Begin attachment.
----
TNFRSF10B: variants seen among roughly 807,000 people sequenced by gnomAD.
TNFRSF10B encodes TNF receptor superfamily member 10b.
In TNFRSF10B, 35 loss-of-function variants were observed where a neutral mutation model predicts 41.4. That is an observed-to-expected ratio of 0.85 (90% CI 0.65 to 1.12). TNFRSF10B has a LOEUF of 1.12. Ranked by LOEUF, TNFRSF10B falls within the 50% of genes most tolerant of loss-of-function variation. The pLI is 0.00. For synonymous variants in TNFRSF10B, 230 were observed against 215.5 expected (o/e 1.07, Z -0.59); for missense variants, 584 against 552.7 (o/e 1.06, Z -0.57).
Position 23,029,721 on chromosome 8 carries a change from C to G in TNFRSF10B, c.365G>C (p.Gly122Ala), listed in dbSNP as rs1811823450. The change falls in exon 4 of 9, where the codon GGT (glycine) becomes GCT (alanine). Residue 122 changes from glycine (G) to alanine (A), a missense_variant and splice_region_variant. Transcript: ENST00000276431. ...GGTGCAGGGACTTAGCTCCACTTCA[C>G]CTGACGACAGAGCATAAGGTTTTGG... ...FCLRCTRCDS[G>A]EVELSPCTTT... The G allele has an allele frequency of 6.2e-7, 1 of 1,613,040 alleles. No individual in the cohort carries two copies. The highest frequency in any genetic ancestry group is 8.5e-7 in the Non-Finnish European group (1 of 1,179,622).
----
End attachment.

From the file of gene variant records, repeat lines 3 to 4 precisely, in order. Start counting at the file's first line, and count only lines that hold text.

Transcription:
In TNFRSF10B, 35 loss-of-function variants were observed where a neutral mutation model predicts 41.4. That is an observed-to-expected ratio of 0.85 (90% CI 0.65 to 1.12). TNFRSF10B has a LOEUF of 1.12. Ranked by LOEUF, TNFRSF10B falls within the 50% of genes most tolerant of loss-of-function variation. The pLI is 0.00. For synonymous variants in TNFRSF10B, 230 were observed against 215.5 expected (o/e 1.07, Z -0.59); for missense variants, 584 against 552.7 (o/e 1.06, Z -0.57).
Position 23,029,721 on chromosome 8 carries a change from C to G in TNFRSF10B, c.365G>C (p.Gly122Ala), listed in dbSNP as rs1811823450. The change falls in exon 4 of 9, where the codon GGT (glycine) becomes GCT (alanine). Residue 122 changes from glycine (G) to alanine (A), a missense_variant and splice_region_variant. Transcript: ENST00000276431. ...GGTGCAGGGACTTAGCTCCACTTCA[C>G]CTGACGACAGAGCATAAGGTTTTGG... ...FCLRCTRCDS[G>A]EVELSPCTTT... The G allele has an allele frequency of 6.2e-7, 1 of 1,613,040 alleles. No individual in the cohort carries two copies. The highest frequency in any genetic ancestry group is 8.5e-7 in the Non-Finnish European group (1 of 1,179,622).